> to crop to make wallpapers out of their images.


    --
    Don Stauffer in Minnesota

    webpage- http://www.usfamily.net/web/stauffer
     
    Don Stauffer, Feb 6, 2004
    #8
  9. Harvey

    Jim Townsend Guest

    Don Stauffer wrote:

    > Consider that the first digital cameras used CCD chips originally
    > intended for camcorders. That is why they were 4:3. Many just stuck
    > with that ratio when they started making chips specifically for still
    > cams.


    Excellent point :)

    > Jim Townsend wrote:
    >
    >> Considering the most common method of viewing images from digital cameras
    >> is via the computer monitor, it's little wonder the image has the same
    >> aspect ratio of your screen.
    >>
     
    Jim Townsend, Feb 6, 2004
    #9
  10. Jim Townsend <> writes:

    > Harvey wrote:
    >
    > > My Kodak DC280 has a pixel ratio of horizontal to vertical of 1.506 in the
    > > highest quality setting which makes for nice 6 by 4 prints. On the other
    > > hand my sister's Nikon 3100 has a ratio of 1.33 which makes for white bars
    > > at top and bottom of a 6 by 4 print. Seeing that 6 by 4 is the most common
    > > print size, why would Nikon choose a ratio of 1.33 rather than shoot for
    > > 1.50?

    >
    > Considering the most common method of viewing images from digital cameras
    > is via the computer monitor, it's little wonder the image has the same
    > aspect ratio of your screen.


    Hmm. I'm looking at 1600x1200 right now, which is indeed 4:3. But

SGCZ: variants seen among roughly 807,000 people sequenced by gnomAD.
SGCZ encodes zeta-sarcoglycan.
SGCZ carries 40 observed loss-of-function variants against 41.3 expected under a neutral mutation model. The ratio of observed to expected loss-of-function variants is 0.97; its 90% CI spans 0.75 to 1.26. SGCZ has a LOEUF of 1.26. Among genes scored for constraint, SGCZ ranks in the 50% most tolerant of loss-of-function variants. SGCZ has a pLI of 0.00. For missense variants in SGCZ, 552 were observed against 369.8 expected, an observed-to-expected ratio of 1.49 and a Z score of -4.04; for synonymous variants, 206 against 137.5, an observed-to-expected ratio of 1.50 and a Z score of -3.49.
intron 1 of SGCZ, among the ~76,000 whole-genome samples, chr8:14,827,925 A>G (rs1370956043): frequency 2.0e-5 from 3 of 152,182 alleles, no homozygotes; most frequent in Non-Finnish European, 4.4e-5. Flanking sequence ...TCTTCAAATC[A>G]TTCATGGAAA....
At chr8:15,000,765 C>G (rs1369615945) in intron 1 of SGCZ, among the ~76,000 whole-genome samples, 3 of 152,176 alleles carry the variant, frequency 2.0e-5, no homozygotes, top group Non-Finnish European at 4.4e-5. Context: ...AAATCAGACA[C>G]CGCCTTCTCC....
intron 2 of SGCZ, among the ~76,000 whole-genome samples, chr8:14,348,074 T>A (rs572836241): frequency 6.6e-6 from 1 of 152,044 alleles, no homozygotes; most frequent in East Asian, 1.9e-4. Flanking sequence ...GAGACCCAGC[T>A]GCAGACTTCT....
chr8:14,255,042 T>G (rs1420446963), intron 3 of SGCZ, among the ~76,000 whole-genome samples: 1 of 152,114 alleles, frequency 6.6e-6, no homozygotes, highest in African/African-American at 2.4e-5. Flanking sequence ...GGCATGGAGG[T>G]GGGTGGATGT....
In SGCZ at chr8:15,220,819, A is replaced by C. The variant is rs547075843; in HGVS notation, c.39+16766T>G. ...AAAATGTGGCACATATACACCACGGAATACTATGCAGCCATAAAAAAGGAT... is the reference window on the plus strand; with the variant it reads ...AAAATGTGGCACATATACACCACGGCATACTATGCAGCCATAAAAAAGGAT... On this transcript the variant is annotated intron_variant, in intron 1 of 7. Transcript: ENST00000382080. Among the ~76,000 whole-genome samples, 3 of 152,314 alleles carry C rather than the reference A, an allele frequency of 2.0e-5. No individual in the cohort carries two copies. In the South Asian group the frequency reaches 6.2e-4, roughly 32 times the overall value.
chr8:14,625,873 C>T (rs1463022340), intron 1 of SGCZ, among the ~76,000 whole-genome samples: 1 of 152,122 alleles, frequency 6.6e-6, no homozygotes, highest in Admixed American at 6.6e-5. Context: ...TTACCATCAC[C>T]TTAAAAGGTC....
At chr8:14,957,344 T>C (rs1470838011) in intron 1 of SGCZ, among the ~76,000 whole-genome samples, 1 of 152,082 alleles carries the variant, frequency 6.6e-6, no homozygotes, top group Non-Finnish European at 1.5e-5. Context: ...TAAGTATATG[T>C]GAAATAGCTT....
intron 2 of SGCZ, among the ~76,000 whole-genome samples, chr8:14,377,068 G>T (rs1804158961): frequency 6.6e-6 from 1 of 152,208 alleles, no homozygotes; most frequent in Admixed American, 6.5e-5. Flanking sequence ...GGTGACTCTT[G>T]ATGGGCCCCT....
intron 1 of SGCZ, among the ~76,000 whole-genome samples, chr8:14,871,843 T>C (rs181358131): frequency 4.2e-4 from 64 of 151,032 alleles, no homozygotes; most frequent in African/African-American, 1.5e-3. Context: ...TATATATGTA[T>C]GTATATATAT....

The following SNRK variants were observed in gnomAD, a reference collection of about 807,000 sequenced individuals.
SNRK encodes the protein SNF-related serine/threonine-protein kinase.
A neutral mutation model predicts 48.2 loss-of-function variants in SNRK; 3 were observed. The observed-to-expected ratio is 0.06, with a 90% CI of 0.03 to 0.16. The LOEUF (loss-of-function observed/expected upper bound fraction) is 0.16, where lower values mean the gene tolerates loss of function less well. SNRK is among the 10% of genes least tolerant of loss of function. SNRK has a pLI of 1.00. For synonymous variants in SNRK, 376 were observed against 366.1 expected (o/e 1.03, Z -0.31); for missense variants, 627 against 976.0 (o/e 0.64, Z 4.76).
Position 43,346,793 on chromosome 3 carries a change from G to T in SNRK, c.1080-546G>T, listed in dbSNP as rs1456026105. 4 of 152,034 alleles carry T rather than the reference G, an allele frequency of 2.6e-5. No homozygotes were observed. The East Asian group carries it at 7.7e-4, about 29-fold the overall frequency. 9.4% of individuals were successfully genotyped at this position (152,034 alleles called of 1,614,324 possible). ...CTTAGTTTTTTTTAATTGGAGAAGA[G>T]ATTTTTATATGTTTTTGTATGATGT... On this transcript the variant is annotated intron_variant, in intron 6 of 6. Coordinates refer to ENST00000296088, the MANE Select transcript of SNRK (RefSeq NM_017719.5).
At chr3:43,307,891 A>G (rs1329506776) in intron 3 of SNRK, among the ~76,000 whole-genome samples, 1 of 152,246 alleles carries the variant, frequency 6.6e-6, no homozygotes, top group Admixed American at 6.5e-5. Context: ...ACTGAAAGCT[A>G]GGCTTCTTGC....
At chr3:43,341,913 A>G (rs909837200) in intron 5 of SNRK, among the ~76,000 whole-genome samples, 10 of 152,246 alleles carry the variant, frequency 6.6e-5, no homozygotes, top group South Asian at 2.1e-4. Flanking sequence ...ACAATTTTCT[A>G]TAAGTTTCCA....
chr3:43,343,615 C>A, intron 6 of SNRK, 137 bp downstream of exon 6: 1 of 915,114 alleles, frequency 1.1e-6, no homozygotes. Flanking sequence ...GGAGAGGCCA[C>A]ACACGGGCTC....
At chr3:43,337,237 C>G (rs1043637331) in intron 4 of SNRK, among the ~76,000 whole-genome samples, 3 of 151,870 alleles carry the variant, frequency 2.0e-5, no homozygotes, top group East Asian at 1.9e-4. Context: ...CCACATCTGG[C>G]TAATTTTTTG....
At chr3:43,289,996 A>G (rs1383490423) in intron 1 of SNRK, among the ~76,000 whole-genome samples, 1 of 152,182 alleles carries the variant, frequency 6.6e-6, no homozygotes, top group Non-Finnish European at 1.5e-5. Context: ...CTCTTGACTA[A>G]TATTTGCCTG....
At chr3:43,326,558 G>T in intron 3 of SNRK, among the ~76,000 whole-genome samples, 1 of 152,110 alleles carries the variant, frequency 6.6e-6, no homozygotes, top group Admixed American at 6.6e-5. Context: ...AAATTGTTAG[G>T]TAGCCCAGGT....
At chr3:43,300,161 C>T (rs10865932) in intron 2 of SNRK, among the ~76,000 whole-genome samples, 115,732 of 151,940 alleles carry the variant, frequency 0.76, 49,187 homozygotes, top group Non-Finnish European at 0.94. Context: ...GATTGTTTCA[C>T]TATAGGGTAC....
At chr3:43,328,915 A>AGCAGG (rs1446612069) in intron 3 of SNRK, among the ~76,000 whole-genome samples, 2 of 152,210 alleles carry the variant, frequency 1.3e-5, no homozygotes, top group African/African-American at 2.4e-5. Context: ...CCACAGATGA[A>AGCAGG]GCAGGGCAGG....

1280x1024 comes out to 5:4, and the Mac down the hall is at 16:10.

    > If it was anything other, you'd probably have people asking why they have
    > to crop to make wallpapers out of their images.


    --
    -Stephen H. Westin
    Any information or opinions in this message are mine: they do not
    represent the position of Cornell University or any of its sponsors.
     
    Stephen H. Westin, Feb 6, 2004
    #10
    1. Advertising

Want to reply to this thread or ask your own question?

It takes just 2 minutes to sign up (and it's free!). Just click the sign up button to choose a username and then you can ask your own questions on the forum.
Similar Threads
  1. Abrasha

    Hot pixel vs. stuck pixel

    Abrasha, Aug 2, 2003, in forum: Digital Photography
    Replies:
    5
    Views:
    8,493
    Steven Buglass
    Sep 2, 2003
  2. Tom Thackrey

    Re: Pixel size of individual Pixel

    Tom Thackrey, Sep 14, 2003, in forum: Digital Photography
    Replies:
    2
    Views:
    825
  3. Robert E. Williams

    Re: Pixel size of individual Pixel

    Robert E. Williams, Sep 14, 2003, in forum: Digital Photography
    Replies:
    2
    Views:
    546
    Don Stauffer
    Sep 16, 2003
  4. Mario
    Replies:
    12
    Views:
    597
    Ben Thomas
    Jan 5, 2005
  5. Charles Sten

    Definition of "pixel transition ratio"

    Charles Sten, Feb 2, 2005, in forum: Digital Photography
    Replies:
    1
    Views:
    334
    Harvey
    Feb 2, 2005
Loading...

Share This Page